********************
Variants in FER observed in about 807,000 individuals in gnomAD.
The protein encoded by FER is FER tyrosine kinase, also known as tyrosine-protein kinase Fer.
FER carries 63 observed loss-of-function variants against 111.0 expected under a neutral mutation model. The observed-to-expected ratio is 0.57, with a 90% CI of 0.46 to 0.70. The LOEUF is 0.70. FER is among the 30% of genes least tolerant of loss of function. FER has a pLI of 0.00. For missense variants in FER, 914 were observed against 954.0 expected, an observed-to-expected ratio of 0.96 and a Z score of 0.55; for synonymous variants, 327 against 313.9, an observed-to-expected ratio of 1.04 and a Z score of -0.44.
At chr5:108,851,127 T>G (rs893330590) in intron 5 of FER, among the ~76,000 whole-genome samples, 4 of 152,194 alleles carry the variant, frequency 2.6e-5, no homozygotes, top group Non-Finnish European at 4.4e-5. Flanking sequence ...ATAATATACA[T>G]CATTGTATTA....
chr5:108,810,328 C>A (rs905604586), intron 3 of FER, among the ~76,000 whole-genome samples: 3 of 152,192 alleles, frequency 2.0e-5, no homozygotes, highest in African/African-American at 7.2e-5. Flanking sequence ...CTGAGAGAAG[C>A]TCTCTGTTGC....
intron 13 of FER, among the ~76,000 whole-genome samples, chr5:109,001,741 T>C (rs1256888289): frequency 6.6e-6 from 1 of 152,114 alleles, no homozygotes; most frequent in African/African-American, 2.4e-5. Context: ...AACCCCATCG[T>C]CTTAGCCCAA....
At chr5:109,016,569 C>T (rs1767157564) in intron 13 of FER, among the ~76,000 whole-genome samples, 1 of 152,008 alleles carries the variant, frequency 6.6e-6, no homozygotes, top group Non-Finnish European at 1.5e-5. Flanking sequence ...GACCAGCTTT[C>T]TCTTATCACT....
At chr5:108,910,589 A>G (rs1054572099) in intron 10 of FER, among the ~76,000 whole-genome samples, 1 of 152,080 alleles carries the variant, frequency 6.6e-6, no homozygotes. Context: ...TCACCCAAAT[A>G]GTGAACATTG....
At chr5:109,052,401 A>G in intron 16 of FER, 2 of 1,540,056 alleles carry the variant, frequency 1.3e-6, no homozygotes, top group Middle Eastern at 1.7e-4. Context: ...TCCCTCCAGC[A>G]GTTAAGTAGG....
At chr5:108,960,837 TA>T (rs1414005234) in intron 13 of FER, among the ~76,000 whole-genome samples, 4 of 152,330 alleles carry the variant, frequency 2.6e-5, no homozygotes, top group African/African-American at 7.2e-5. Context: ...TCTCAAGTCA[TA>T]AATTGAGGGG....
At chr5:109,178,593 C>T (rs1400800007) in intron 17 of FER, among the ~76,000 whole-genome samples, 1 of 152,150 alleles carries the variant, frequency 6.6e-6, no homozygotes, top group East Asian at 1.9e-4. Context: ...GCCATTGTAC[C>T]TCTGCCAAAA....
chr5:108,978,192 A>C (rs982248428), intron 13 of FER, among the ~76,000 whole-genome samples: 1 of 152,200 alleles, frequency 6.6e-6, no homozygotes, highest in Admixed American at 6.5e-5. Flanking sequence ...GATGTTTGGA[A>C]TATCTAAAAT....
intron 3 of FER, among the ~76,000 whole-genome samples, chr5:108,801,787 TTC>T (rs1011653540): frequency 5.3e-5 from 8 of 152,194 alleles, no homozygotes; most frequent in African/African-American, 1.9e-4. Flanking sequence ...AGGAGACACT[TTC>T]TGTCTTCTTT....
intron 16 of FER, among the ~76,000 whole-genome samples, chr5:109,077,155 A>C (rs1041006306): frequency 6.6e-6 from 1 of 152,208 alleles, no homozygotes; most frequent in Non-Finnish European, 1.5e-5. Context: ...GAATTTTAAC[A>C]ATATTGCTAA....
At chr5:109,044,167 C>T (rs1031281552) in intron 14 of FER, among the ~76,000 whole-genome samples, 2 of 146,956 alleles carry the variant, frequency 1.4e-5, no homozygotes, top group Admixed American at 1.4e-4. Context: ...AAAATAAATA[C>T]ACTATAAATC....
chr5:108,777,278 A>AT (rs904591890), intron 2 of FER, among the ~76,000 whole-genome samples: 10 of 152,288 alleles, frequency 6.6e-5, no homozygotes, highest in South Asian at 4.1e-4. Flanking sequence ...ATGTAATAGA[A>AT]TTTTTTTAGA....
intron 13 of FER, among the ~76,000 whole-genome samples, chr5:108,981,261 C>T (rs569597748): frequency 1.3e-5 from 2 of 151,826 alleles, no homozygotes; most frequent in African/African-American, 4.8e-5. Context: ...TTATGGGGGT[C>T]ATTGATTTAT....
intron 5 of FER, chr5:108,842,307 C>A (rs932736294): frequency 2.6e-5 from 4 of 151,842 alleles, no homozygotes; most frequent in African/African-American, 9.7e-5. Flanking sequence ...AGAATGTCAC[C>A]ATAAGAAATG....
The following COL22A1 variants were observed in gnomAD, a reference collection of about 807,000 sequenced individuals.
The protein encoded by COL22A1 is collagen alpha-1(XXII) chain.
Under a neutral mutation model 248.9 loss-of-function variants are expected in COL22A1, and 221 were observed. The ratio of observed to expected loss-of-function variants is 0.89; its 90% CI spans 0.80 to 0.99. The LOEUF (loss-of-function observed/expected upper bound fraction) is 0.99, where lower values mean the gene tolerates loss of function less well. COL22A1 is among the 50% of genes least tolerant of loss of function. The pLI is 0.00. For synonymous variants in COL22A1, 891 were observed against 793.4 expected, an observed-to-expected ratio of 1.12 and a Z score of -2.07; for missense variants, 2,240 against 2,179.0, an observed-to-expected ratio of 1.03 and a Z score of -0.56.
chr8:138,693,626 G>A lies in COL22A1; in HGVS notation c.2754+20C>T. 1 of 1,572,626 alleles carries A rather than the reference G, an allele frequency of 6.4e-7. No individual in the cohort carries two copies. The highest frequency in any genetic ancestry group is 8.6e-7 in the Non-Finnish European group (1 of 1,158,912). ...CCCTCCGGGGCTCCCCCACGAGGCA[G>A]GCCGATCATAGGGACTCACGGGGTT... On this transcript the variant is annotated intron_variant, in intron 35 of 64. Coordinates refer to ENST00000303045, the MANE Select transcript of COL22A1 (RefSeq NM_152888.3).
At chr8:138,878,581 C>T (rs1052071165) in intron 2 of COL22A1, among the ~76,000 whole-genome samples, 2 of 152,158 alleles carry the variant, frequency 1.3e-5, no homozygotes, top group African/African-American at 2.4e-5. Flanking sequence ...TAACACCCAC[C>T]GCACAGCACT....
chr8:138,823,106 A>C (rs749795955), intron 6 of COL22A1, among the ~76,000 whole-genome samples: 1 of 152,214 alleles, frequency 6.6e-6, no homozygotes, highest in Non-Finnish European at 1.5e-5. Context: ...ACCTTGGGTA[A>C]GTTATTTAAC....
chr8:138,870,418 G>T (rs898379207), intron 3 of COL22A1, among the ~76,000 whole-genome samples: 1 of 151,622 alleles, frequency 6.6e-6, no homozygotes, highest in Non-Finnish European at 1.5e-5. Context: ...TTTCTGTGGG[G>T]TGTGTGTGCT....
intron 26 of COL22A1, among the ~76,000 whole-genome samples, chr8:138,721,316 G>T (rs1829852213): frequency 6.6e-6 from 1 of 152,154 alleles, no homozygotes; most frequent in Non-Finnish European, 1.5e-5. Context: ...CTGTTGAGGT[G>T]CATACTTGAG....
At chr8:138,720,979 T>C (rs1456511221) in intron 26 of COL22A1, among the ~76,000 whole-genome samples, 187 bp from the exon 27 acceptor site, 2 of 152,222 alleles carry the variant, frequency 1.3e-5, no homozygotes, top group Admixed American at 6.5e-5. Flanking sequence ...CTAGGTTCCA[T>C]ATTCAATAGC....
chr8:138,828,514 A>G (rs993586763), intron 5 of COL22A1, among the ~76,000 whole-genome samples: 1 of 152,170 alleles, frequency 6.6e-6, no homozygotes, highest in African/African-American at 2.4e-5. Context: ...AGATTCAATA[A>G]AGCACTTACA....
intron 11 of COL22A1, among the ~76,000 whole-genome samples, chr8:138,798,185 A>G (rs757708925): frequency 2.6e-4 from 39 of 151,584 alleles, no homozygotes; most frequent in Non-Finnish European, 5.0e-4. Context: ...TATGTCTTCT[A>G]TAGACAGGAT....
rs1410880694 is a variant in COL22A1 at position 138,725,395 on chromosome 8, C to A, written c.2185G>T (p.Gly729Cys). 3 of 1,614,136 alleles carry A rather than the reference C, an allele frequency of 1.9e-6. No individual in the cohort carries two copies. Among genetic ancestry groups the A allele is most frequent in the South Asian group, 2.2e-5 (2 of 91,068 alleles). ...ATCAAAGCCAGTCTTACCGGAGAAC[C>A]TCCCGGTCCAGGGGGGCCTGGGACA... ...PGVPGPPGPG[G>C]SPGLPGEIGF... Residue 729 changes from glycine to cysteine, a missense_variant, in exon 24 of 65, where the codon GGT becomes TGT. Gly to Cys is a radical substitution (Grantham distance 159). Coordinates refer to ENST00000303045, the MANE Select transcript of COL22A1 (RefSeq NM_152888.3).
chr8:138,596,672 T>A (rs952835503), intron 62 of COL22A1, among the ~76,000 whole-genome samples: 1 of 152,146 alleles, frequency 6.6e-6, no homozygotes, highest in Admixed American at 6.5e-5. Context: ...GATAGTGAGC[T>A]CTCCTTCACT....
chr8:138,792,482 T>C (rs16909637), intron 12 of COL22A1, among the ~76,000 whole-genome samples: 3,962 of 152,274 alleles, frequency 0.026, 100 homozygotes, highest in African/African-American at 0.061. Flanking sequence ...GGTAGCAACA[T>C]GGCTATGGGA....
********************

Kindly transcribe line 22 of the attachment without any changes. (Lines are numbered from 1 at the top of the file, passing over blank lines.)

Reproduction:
chr8:138,693,626 G>A lies in COL22A1; in HGVS notation c.2754+20C>T. 1 of 1,572,626 alleles carries A rather than the reference G, an allele frequency of 6.4e-7. No individual in the cohort carries two copies. The highest frequency in any genetic ancestry group is 8.6e-7 in the Non-Finnish European group (1 of 1,158,912). ...CCCTCCGGGGCTCCCCCACGAGGCA[G>A]GCCGATCATAGGGACTCACGGGGTT... On this transcript the variant is annotated intron_variant, in intron 35 of 64. Coordinates refer to ENST00000303045, the MANE Select transcript of COL22A1 (RefSeq NM_152888.3).